Tuesday, September 8, 2009

John Peel

John Peel, was an English disc jockey, radio presenter and journalist. He was the longest-serving of the original BBC Radio 1 DJs, broadcasting regularly from 1967 until his death in 2004. He was known for his eclectic taste in music and his honest and warm broadcasting style. He was one of the first broadcasters to play psychedelic rock, reggae and punk records on British radio, and he is widely acknowledged for promoting artists in various styles including alternative rock, pop, death metal, British hip hop and dance music.

Peel's Radio 1 shows were notable for the regular 'Peel sessions', which usually consisted of four songs recorded by an artist live in the BBC's studios, and which often provided the first major national coverage to bands that would go on to become famous. Another popular feature of his shows was the annual Festive Fifty countdown of his listeners' favourite records of the year. Peel appeared frequently on British television, as one of the presenters of Top of the Pops in the 1980s, and he provided voice-over commentary for a number of BBC programmes. He became popular with the audience of BBC Radio 4 for his Home Truths programme which ran from the 1990s, featuring unusual stories from listeners' domestic lives.

In 1960, he went to the United States to work for a cotton producer who had business dealings with his father. Once this job had finished, he took a number of others, including working as a travelling insurance salesman, remaining in the United States until 1967. While in Dallas, he spoke to John F. Kennedy as the presidential candidate and Lyndon B. Johnson toured the city during the 1960 election campaign. Following Kennedy's assassination, he passed himself off as a reporter for the Liverpool Echo in order to attend the arraignment of Lee Harvey Oswald and he and a friend can be seen in the footage of the press conference shortly before Oswald's assassination. He later phoned in the story to the Liverpool Echo.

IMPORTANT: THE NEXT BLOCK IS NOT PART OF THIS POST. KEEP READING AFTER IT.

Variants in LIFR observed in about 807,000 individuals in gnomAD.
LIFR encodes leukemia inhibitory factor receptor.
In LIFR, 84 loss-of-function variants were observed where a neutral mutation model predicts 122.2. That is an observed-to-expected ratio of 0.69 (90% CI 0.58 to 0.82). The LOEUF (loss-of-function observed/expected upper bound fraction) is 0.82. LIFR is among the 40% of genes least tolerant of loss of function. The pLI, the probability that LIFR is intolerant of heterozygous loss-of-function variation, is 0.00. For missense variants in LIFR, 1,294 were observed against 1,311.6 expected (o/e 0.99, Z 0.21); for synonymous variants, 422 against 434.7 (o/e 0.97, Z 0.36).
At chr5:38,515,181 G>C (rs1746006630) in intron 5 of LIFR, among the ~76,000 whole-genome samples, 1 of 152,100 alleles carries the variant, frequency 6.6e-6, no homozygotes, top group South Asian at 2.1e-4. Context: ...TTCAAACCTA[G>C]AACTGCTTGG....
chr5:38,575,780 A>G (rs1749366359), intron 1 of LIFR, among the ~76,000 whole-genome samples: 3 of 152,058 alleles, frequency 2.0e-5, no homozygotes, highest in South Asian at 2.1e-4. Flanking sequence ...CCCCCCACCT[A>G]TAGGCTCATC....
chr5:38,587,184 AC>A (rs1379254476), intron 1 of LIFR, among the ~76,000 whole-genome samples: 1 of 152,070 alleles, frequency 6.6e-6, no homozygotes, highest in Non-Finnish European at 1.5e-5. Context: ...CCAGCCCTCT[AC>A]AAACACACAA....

While working for an insurance company based in Dallas, Texas, filing card programs for an early IBM 1410 computer (which led to his entry in Who's Who noting him as a former computer programmer), he got his first radio job, albeit unpaid, working for WRR Radio in Dallas. There, he presented the second hour of the Monday night program Kat's Karavan. Following this, and as Beatlemania hit the United States, Peel got a job as the official Beatles correspondent with the Dallas radio station KLIF due to his connection to Liverpool. He later worked for KOMA in Oklahoma City, Oklahoma until 1965 when he moved to KMEN in San Bernardino, California, using the name John Ravencroft to present the breakfast show.

Peel returned to England in early 1967 and found work with the offshore pirate radio station Radio London. He was offered the midnight-to-two shift, which gradually developed into a programme called The Perfumed Garden (some thought it was named after an erotic book famous at the time - which Peel claimed never to have read). It was on "Big L" that he first adopted the name John Peel (the name was suggested by a Radio London secretary) and established himself as a distinctive radio voice.

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